Sunday, February 12, 2006

In the Left's crosshairs

There was quite a bit of commentary running around a few weeks ago when the Washinton Post got a first-hand experience in what it's like to be the target of the Left's ire. Seems the Post's Deborah Howell made a bit of an error in being a little overly inclusive when she wrote about the Abramoff scandal currently ongoing. At the time, she said that Abramoff had given money to members of both parties, albeit more to Republicans (which makes sense, as I'll explain in a moment.) The Left side of the blogosphere went barking moonbat on her and started filling up the Post's blog comments with one vulgar ad hominem attack after another. The torrent of abuse became too much for the Post's people to clear from the comments section and, in an effort to keep the paper's blog from turning into the Democratic Underground, editor Jim Brady made the decision to shut down the comments section. This merely enraged the already lunatic Left and they responded as they always do: they heaped invective on Brady by the bucketload.

Such... (ahem) discourse is nothing new to those of us on the Right. Michelle Malkin puts up with a stream of commentary and behavior from the Left so unhinged that she wrote a book on the subject. The Post didn't exactly sit back and flip these people the bird, either, as they should have. They listened to the complaint, which amounted to a vehement denial that Abramoff had ever given a dime to a Democrat. You'll hear that fact touted loud and clear by the Dems in Congress and Howard Dean if you listen for about 30 seconds. It's hair-splitting at its finest - the scandal doesn't involve Abramoff's personal donations, it's the donations he directed his clients to give which did go to both parties, including Senate Minority Leader Harry Reid - but the complaint is, in fact, correct. When the phrase is interpretted narrowly, it is absolute fact that Abramoff never donated a dime of his own money to a Democrat. The Left hopes that by saying that loudly, often, and quickly enough to not let you get a word in edgewise, it will become the only part of the scandal discussed.

Brady noted that Howell's language could have been more clear and, in good journalistic behavior, issued a correction. Brady apparently thought that should have been the end of it, but if he did then he's not paying attention to whom he is dealing with. His correction actually increased the rate and vitrol in the comments and that's when he closed it down.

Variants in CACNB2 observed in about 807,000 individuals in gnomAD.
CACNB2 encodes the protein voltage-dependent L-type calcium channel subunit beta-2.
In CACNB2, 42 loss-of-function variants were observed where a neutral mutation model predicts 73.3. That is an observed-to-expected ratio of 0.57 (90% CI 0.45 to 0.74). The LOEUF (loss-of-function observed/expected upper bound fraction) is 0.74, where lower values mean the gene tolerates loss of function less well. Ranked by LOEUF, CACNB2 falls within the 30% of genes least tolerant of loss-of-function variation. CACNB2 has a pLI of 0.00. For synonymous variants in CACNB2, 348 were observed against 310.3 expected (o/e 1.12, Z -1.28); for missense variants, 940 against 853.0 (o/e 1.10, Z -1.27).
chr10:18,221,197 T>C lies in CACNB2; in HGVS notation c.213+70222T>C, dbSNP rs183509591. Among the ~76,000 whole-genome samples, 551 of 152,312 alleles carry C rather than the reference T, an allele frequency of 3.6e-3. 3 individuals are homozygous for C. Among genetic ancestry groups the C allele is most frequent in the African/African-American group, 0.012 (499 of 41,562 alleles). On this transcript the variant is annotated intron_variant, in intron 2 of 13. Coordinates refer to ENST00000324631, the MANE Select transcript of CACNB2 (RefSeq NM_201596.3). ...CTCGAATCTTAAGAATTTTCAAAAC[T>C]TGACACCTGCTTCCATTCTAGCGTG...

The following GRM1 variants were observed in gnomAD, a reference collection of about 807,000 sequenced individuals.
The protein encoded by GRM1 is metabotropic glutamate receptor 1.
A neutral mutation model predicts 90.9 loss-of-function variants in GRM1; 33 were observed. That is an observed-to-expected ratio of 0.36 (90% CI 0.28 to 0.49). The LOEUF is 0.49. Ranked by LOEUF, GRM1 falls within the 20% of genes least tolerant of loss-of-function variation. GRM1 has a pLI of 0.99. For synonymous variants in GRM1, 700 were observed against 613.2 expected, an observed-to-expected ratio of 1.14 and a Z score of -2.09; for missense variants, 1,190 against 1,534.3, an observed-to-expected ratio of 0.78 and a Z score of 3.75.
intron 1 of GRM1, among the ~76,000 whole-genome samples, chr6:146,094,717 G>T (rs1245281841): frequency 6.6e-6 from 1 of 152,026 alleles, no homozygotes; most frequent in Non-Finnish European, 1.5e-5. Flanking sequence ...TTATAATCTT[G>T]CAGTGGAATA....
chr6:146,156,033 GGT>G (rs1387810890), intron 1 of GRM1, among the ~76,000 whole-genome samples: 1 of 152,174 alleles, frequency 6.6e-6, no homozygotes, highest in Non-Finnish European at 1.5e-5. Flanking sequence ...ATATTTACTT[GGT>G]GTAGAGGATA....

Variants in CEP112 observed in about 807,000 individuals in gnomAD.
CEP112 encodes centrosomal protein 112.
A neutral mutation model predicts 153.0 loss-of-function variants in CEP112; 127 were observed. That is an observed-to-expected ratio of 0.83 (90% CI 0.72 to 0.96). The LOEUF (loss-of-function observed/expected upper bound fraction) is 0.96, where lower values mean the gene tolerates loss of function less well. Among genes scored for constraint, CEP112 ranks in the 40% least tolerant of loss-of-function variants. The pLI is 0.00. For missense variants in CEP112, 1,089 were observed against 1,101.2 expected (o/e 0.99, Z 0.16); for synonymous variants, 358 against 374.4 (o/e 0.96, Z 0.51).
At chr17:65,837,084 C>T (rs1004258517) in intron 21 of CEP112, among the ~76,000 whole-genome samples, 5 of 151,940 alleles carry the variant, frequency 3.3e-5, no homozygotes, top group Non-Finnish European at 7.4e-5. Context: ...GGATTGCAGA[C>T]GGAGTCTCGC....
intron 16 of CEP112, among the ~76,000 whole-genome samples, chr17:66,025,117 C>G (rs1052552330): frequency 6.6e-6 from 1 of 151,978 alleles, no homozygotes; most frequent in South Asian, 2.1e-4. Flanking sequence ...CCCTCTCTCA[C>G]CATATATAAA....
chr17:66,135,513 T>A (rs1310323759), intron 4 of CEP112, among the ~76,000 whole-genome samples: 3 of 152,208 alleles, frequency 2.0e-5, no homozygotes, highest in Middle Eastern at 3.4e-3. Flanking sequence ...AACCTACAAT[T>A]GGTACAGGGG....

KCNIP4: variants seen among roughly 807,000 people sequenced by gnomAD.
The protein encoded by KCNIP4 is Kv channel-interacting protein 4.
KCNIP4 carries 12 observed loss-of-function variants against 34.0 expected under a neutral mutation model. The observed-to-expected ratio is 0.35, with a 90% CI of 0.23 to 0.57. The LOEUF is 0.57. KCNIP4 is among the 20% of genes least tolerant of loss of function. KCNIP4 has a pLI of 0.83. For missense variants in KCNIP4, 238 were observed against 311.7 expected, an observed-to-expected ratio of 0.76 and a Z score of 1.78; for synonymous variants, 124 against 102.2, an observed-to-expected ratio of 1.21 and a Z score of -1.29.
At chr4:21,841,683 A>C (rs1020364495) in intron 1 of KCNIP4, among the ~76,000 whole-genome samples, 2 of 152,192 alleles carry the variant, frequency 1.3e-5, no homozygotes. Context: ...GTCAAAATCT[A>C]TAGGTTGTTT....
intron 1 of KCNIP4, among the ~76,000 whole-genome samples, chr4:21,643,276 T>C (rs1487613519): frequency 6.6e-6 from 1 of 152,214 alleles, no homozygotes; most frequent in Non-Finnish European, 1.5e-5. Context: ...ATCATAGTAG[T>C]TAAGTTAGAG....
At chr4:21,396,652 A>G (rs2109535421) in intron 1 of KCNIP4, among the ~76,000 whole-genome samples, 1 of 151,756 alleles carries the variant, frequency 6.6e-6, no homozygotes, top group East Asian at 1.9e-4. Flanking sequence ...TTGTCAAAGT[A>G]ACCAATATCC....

Today, Brady is talking about the topic in an opinion piece in the Outlook section of the paper. It opens with a pretty catchy summation of the comments directed his way:

::::::::I am a twit without a functioning brain.

I also do not have any [ censored ].

Despite 10 years spent in online media, I really don't understand the Internet.

I am a dangerous ideologue , an enemy of democracy .

At least, that's what I've been told -- in much stronger language -- by dozens of people who have never met me.

Welcome to our world, Jim. Now, we need to get something up front and understood perfectly well, here. This is an opinion piece, not a news story. Brady is under no obligation to be 100% objective here, or to refrain from injecting his personal perspectives into the story as he should be with a news item. I recognize these facts.

I'm a bit perplexed, however, that in all of this he declined to identify even one of the bloggers (he says it was a "handfull" so it should have been easy enough) who put out the rallying cry to go spit vulgarities out all over one of the Post's people, not to mention Brady himself. He doesn't articulate from which side of the political spectrum the hate mail was streaming from, although its reasonable to assume the Left given the particulars of the story. Were this a news story, I would call that lapse journalistic bias given that it's an important part of the story especially for those WaPo readers who don't delve into the blogs themselves. This is an opinion piece, however, so Brady's not required to be fully informative. It would have been a good touch but I definitely sense the attempt on his part to avoid naming names for whatever reason.

Brief aside for Brady: if you avoided telling us who were the spiteful morons behind this incident out of a sense of decorum I commend you, even if the effort is utterly wasted on the aforementioned morons. If you did so to avoid getting another barrage from these clowns then I must ask you if that's not a surrender out of fear? You know they won't respect that and they will do it again anyway, right?

Being a blogger, I don't think I'm surprising anyone when I disagree with his contention that there's no such thing as the blogosphere as a separate entity. He lumps bloggers in with mainstream media and contends there's no distinction there worth noting. The blogs stand opposed to each other sometimes and, he says, the media's exactly the same way. Here's where I have to part company with Brady. I would like to ask him - or any other member of the media - to point out a story in the last 6 months where 1 media agency, whether it's a paper or a TV station, did an investigative report on another media agency to show that agency had hidden facts or argued fallaciously. I can count on my 2 hands the number of stories covered in the media where another media agency's activities were the story. I run out of fingers in about 10 minutes when we're talking about the blogosphere.

The blogs and the media are symbiotic (or perhaps parasitic, as he says) but they are not the same. The rules of etiquette the media has been used to dealing with for decades are not followed in the blogosphere and they need to understand that when they venture into this space. Brady made the right call and he took heat over it from people who don't buy the concept that reasonable people can disagree and admitting a mistake clears the air.